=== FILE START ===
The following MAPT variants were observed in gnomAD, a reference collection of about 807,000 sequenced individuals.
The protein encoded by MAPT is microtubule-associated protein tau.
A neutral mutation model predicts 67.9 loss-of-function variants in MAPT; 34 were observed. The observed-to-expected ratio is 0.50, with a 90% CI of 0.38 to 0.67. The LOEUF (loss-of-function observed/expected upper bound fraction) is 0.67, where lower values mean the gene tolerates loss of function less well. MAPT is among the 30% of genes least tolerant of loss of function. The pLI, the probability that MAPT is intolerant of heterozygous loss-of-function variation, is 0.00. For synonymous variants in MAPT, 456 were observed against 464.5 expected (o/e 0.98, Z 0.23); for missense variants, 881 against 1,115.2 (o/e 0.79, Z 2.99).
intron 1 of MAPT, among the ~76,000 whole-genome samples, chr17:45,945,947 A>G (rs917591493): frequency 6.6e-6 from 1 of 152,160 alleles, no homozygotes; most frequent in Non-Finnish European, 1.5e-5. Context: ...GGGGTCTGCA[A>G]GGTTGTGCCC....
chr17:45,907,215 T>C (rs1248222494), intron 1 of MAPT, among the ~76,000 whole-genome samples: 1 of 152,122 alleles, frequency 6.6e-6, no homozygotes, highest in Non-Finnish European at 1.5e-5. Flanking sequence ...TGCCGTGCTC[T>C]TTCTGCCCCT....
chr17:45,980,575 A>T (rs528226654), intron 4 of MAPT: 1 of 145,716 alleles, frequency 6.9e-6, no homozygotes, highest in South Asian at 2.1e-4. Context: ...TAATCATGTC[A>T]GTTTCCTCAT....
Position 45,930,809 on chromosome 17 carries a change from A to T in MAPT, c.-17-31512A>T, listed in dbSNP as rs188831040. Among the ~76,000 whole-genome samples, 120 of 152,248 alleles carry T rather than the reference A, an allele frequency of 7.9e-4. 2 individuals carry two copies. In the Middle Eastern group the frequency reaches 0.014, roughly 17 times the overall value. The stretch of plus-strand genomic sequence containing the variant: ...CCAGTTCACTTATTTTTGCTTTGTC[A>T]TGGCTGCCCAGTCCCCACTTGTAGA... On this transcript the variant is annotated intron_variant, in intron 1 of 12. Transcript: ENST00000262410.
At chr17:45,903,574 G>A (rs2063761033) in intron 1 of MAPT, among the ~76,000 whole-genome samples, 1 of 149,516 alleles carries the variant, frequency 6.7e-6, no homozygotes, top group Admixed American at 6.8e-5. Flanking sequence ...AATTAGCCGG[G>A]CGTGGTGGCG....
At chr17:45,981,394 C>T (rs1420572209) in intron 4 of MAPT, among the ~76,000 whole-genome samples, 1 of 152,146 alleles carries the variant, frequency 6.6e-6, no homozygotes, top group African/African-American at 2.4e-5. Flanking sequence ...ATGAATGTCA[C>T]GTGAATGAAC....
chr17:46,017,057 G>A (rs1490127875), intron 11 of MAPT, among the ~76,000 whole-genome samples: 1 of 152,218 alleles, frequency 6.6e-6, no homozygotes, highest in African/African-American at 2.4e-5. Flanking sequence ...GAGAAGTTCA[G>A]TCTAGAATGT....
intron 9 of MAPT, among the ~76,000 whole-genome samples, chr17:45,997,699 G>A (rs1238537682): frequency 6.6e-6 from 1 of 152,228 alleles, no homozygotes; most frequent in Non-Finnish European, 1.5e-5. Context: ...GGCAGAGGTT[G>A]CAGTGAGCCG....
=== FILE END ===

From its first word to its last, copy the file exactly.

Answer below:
The following MAPT variants were observed in gnomAD, a reference collection of about 807,000 sequenced individuals.
The protein encoded by MAPT is microtubule-associated protein tau.
A neutral mutation model predicts 67.9 loss-of-function variants in MAPT; 34 were observed. The observed-to-expected ratio is 0.50, with a 90% CI of 0.38 to 0.67. The LOEUF (loss-of-function observed/expected upper bound fraction) is 0.67, where lower values mean the gene tolerates loss of function less well. MAPT is among the 30% of genes least tolerant of loss of function. The pLI, the probability that MAPT is intolerant of heterozygous loss-of-function variation, is 0.00. For synonymous variants in MAPT, 456 were observed against 464.5 expected (o/e 0.98, Z 0.23); for missense variants, 881 against 1,115.2 (o/e 0.79, Z 2.99).
intron 1 of MAPT, among the ~76,000 whole-genome samples, chr17:45,945,947 A>G (rs917591493): frequency 6.6e-6 from 1 of 152,160 alleles, no homozygotes; most frequent in Non-Finnish European, 1.5e-5. Context: ...GGGGTCTGCA[A>G]GGTTGTGCCC....
chr17:45,907,215 T>C (rs1248222494), intron 1 of MAPT, among the ~76,000 whole-genome samples: 1 of 152,122 alleles, frequency 6.6e-6, no homozygotes, highest in Non-Finnish European at 1.5e-5. Flanking sequence ...TGCCGTGCTC[T>C]TTCTGCCCCT....
chr17:45,980,575 A>T (rs528226654), intron 4 of MAPT: 1 of 145,716 alleles, frequency 6.9e-6, no homozygotes, highest in South Asian at 2.1e-4. Context: ...TAATCATGTC[A>T]GTTTCCTCAT....
Position 45,930,809 on chromosome 17 carries a change from A to T in MAPT, c.-17-31512A>T, listed in dbSNP as rs188831040. Among the ~76,000 whole-genome samples, 120 of 152,248 alleles carry T rather than the reference A, an allele frequency of 7.9e-4. 2 individuals carry two copies. In the Middle Eastern group the frequency reaches 0.014, roughly 17 times the overall value. The stretch of plus-strand genomic sequence containing the variant: ...CCAGTTCACTTATTTTTGCTTTGTC[A>T]TGGCTGCCCAGTCCCCACTTGTAGA... On this transcript the variant is annotated intron_variant, in intron 1 of 12. Transcript: ENST00000262410.
At chr17:45,903,574 G>A (rs2063761033) in intron 1 of MAPT, among the ~76,000 whole-genome samples, 1 of 149,516 alleles carries the variant, frequency 6.7e-6, no homozygotes, top group Admixed American at 6.8e-5. Flanking sequence ...AATTAGCCGG[G>A]CGTGGTGGCG....
At chr17:45,981,394 C>T (rs1420572209) in intron 4 of MAPT, among the ~76,000 whole-genome samples, 1 of 152,146 alleles carries the variant, frequency 6.6e-6, no homozygotes, top group African/African-American at 2.4e-5. Flanking sequence ...ATGAATGTCA[C>T]GTGAATGAAC....
chr17:46,017,057 G>A (rs1490127875), intron 11 of MAPT, among the ~76,000 whole-genome samples: 1 of 152,218 alleles, frequency 6.6e-6, no homozygotes, highest in African/African-American at 2.4e-5. Flanking sequence ...GAGAAGTTCA[G>A]TCTAGAATGT....
intron 9 of MAPT, among the ~76,000 whole-genome samples, chr17:45,997,699 G>A (rs1238537682): frequency 6.6e-6 from 1 of 152,228 alleles, no homozygotes; most frequent in Non-Finnish European, 1.5e-5. Context: ...GGCAGAGGTT[G>A]CAGTGAGCCG....